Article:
6. Looked at from a purely pragmatic viewpoint, it would be unwise to come to the US with a stick and no carrot. From the descriptions of Catholic friends in France, Italy, and Portugal, Mass attendance and church service are no more robust now than they were when I observed the empty pews in the late ’80s.

    If the Church’s bills aren’t being paid by Europe and they are surely not being paid by the developing world, I guess that it is North America that is paying them. There are quite a lot of Catholics disgusted with their Cardinals and it wouldn’t take much to drive them away. What then? What will the Church do if its main benefactor quits?

    Setting aside the spriritual challenges of heaping nothing but scorn on a child, one shouldn’t be surprised if, when that child’s support is needed, he is disinclined to provide it. Quoting The Breakfast Club:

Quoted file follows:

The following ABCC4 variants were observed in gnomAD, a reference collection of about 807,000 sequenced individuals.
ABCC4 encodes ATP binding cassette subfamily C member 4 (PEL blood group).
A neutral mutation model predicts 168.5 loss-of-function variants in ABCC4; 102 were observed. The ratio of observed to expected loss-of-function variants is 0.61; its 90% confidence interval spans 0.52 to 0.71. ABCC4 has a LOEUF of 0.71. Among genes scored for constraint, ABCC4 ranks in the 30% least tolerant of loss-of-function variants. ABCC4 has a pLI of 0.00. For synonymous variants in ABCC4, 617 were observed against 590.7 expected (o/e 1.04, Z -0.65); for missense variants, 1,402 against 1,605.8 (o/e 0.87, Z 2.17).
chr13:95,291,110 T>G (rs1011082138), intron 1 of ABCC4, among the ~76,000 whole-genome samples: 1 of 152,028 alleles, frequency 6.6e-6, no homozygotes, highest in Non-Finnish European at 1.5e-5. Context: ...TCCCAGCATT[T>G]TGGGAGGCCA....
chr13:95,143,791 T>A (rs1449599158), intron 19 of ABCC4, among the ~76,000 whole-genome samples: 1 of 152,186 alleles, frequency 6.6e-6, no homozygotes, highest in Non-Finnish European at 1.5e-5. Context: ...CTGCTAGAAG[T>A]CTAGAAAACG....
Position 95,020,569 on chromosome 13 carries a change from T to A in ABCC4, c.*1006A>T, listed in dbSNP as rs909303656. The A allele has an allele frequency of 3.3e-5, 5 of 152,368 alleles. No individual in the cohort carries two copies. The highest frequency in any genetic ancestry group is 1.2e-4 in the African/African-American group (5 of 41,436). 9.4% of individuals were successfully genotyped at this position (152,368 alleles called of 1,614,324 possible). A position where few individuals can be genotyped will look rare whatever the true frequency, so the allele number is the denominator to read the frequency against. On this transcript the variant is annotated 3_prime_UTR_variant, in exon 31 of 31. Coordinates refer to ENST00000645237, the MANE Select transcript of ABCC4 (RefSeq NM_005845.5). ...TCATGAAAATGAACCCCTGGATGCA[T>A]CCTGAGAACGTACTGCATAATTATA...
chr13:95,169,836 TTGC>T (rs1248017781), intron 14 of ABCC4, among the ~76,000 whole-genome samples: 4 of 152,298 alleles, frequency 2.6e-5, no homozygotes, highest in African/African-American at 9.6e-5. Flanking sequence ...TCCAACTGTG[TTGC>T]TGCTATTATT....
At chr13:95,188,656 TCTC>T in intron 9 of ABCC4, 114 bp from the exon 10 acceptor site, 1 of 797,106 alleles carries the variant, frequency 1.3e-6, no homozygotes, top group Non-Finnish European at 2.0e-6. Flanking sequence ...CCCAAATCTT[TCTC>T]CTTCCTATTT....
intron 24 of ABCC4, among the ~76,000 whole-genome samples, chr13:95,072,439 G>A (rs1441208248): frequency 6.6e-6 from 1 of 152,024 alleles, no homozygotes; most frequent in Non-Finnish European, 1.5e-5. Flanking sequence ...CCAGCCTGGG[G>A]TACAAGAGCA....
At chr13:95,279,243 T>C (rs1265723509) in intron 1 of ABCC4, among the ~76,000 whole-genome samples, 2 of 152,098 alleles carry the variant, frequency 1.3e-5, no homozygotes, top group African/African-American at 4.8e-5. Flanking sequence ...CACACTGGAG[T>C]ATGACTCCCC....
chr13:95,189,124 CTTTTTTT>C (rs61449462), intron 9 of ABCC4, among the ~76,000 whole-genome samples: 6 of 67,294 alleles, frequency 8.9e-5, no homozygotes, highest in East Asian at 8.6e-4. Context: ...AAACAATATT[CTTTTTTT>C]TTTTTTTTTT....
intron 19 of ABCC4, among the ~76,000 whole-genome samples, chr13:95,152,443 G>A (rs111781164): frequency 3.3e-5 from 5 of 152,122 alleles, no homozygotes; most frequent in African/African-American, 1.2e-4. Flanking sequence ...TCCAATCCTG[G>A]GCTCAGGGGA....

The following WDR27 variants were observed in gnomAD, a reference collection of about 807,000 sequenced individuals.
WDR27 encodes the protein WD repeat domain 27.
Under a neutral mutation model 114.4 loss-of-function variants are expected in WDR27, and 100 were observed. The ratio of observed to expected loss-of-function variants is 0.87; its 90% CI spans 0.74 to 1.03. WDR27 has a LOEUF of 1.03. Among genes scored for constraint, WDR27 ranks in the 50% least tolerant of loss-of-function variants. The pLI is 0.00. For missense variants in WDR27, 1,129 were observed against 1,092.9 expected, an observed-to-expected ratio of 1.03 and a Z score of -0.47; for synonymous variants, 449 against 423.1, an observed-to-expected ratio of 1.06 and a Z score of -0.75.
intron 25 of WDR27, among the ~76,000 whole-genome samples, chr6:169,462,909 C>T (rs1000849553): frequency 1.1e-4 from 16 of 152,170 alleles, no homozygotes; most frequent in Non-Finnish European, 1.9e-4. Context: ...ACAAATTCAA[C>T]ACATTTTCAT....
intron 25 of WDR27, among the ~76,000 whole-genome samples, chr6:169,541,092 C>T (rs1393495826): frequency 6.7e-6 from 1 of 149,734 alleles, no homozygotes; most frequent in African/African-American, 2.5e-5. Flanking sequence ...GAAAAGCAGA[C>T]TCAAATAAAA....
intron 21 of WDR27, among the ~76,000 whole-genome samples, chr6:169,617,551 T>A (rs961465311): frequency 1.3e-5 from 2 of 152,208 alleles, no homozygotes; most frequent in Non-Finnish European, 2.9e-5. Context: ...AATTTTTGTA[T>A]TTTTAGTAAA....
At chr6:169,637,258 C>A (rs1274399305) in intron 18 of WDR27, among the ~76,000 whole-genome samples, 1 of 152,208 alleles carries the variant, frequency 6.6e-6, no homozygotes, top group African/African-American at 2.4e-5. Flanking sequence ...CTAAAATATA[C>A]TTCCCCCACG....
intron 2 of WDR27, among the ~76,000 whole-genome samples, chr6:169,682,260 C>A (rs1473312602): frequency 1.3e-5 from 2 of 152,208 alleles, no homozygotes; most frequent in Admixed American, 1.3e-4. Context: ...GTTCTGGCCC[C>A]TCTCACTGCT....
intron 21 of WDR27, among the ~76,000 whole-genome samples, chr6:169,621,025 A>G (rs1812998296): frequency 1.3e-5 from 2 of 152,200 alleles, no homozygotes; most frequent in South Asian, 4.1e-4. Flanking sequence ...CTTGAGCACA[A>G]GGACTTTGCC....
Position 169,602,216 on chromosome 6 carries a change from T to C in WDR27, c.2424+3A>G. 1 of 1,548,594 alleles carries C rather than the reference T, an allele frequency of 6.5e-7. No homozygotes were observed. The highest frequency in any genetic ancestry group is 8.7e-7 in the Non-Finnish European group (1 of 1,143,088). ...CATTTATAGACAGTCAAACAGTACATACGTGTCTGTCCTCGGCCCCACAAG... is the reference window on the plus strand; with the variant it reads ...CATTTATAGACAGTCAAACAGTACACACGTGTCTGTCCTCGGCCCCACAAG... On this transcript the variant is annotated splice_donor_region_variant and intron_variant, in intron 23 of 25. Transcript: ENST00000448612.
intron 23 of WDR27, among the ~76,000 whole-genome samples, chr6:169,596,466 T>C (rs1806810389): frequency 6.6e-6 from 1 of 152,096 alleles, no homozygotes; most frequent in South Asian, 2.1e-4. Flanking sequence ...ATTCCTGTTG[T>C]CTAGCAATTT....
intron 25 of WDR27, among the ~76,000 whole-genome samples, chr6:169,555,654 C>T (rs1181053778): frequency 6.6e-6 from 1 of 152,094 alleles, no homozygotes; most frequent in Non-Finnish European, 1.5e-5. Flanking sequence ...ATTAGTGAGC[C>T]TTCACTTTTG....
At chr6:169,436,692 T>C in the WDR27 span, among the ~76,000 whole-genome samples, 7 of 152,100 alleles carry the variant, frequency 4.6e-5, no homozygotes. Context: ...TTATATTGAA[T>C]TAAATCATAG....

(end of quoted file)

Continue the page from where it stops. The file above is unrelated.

Vernon: “You think about this… when you get old, these kids; when I get old, they’re gonna be runnin’ the country.
    Carl: “Yeah?”
    Vernon: “Now this is the thought that wakes me up in the middle of the night; that when I get older, these kids are gonna take care of me.”
    Carl: “I wouldn’t count on it.”

  7. “Perhaps James Hitchcock can produce an article on the last time a pope manifested so little sense of stewardship over the institution he led.”

    From the endless scoldings of both clergy and laity, you’d be hard-pressed to make an argument that we have a pope who likes the Church. Says it all, really.

  8. The key to understanding the Caudillo Pope is to understand his envoirnment, his days as a Jesuit priest and the time of his youth.